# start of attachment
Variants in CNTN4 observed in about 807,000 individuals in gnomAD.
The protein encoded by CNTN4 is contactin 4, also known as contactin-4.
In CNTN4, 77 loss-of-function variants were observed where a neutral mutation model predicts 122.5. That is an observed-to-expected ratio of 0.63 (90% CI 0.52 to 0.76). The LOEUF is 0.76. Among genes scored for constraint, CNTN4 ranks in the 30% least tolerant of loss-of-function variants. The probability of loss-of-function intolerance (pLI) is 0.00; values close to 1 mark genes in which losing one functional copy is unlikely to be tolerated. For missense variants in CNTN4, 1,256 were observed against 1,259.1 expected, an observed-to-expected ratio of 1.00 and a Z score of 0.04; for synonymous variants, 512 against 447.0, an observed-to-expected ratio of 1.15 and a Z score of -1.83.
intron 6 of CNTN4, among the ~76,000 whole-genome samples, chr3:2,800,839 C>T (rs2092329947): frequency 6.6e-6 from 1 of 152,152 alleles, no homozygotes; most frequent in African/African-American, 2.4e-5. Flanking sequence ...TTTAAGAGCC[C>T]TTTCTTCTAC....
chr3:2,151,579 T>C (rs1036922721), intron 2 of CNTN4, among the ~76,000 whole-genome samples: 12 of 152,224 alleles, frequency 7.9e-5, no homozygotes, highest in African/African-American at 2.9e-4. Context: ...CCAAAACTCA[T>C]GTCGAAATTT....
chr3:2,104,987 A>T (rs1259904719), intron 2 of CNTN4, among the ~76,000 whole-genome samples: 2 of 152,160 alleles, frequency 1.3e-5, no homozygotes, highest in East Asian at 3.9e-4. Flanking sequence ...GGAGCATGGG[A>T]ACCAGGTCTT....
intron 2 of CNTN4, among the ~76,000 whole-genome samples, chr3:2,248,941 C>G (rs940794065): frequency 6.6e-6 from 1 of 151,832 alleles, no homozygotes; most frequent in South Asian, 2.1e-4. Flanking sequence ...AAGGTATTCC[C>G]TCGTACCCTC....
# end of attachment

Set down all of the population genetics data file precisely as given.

Variants in CNTN4 observed in about 807,000 individuals in gnomAD.
The protein encoded by CNTN4 is contactin 4, also known as contactin-4.
In CNTN4, 77 loss-of-function variants were observed where a neutral mutation model predicts 122.5. That is an observed-to-expected ratio of 0.63 (90% CI 0.52 to 0.76). The LOEUF is 0.76. Among genes scored for constraint, CNTN4 ranks in the 30% least tolerant of loss-of-function variants. The probability of loss-of-function intolerance (pLI) is 0.00; values close to 1 mark genes in which losing one functional copy is unlikely to be tolerated. For missense variants in CNTN4, 1,256 were observed against 1,259.1 expected, an observed-to-expected ratio of 1.00 and a Z score of 0.04; for synonymous variants, 512 against 447.0, an observed-to-expected ratio of 1.15 and a Z score of -1.83.
intron 6 of CNTN4, among the ~76,000 whole-genome samples, chr3:2,800,839 C>T (rs2092329947): frequency 6.6e-6 from 1 of 152,152 alleles, no homozygotes; most frequent in African/African-American, 2.4e-5. Flanking sequence ...TTTAAGAGCC[C>T]TTTCTTCTAC....
chr3:2,151,579 T>C (rs1036922721), intron 2 of CNTN4, among the ~76,000 whole-genome samples: 12 of 152,224 alleles, frequency 7.9e-5, no homozygotes, highest in African/African-American at 2.9e-4. Context: ...CCAAAACTCA[T>C]GTCGAAATTT....
chr3:2,104,987 A>T (rs1259904719), intron 2 of CNTN4, among the ~76,000 whole-genome samples: 2 of 152,160 alleles, frequency 1.3e-5, no homozygotes, highest in East Asian at 3.9e-4. Flanking sequence ...GGAGCATGGG[A>T]ACCAGGTCTT....
intron 2 of CNTN4, among the ~76,000 whole-genome samples, chr3:2,248,941 C>G (rs940794065): frequency 6.6e-6 from 1 of 151,832 alleles, no homozygotes; most frequent in South Asian, 2.1e-4. Flanking sequence ...AAGGTATTCC[C>G]TCGTACCCTC....